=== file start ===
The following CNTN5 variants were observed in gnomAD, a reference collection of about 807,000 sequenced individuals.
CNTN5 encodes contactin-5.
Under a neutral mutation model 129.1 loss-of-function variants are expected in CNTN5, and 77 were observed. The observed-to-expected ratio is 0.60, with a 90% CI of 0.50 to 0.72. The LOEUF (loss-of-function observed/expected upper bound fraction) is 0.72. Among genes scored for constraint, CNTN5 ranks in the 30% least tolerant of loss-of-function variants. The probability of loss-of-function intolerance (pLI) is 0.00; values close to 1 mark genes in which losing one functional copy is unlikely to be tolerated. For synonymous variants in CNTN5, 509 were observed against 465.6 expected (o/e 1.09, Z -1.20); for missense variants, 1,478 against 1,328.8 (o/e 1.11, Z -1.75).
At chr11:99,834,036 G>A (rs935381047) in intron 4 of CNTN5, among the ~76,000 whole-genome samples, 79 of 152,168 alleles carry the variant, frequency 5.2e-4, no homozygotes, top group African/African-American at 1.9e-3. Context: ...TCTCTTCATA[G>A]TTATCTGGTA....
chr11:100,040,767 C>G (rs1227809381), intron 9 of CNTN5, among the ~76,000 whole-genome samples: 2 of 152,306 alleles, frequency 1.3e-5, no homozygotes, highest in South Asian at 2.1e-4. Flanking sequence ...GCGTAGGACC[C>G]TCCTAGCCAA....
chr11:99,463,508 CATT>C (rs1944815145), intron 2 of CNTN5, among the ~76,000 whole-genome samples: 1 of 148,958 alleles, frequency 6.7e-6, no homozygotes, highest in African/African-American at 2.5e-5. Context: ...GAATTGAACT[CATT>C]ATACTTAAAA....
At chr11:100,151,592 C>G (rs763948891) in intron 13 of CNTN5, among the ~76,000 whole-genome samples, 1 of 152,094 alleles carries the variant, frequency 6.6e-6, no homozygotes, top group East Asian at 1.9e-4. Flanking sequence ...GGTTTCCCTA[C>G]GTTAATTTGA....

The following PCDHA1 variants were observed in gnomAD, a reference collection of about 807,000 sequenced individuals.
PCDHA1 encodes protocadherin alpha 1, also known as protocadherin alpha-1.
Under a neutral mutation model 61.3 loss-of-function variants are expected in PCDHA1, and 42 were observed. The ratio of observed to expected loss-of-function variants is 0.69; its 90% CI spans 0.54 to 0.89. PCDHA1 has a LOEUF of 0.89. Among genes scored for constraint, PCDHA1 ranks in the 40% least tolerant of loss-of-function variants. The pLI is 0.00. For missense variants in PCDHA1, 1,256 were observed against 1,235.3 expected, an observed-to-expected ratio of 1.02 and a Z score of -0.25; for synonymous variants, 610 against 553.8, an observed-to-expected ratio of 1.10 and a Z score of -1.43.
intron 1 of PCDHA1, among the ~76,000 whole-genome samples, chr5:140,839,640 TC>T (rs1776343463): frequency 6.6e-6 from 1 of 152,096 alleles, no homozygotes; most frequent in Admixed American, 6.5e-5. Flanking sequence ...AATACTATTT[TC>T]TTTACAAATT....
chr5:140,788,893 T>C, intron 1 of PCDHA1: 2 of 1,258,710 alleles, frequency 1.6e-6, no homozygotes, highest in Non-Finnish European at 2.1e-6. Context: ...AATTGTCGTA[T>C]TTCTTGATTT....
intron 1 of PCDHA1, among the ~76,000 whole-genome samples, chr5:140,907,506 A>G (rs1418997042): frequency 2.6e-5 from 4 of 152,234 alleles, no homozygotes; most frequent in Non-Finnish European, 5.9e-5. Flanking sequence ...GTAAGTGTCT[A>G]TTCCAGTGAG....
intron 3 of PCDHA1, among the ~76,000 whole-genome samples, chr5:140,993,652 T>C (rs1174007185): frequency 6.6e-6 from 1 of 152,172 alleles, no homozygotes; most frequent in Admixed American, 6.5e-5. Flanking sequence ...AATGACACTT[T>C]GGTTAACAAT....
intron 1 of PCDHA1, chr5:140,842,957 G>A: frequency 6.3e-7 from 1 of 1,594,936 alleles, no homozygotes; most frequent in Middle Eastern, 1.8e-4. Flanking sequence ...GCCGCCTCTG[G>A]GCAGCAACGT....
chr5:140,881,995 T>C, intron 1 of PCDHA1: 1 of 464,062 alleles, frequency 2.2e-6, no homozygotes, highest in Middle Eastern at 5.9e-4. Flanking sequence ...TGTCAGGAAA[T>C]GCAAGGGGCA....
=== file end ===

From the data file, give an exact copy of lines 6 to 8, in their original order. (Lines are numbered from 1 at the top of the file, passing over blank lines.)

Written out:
chr11:99,463,508 CATT>C (rs1944815145), intron 2 of CNTN5, among the ~76,000 whole-genome samples: 1 of 148,958 alleles, frequency 6.7e-6, no homozygotes, highest in African/African-American at 2.5e-5. Context: ...GAATTGAACT[CATT>C]ATACTTAAAA....
At chr11:100,151,592 C>G (rs763948891) in intron 13 of CNTN5, among the ~76,000 whole-genome samples, 1 of 152,094 alleles carries the variant, frequency 6.6e-6, no homozygotes, top group East Asian at 1.9e-4. Flanking sequence ...GGTTTCCCTA[C>G]GTTAATTTGA....

The following PCDHA1 variants were observed in gnomAD, a reference collection of about 807,000 sequenced individuals.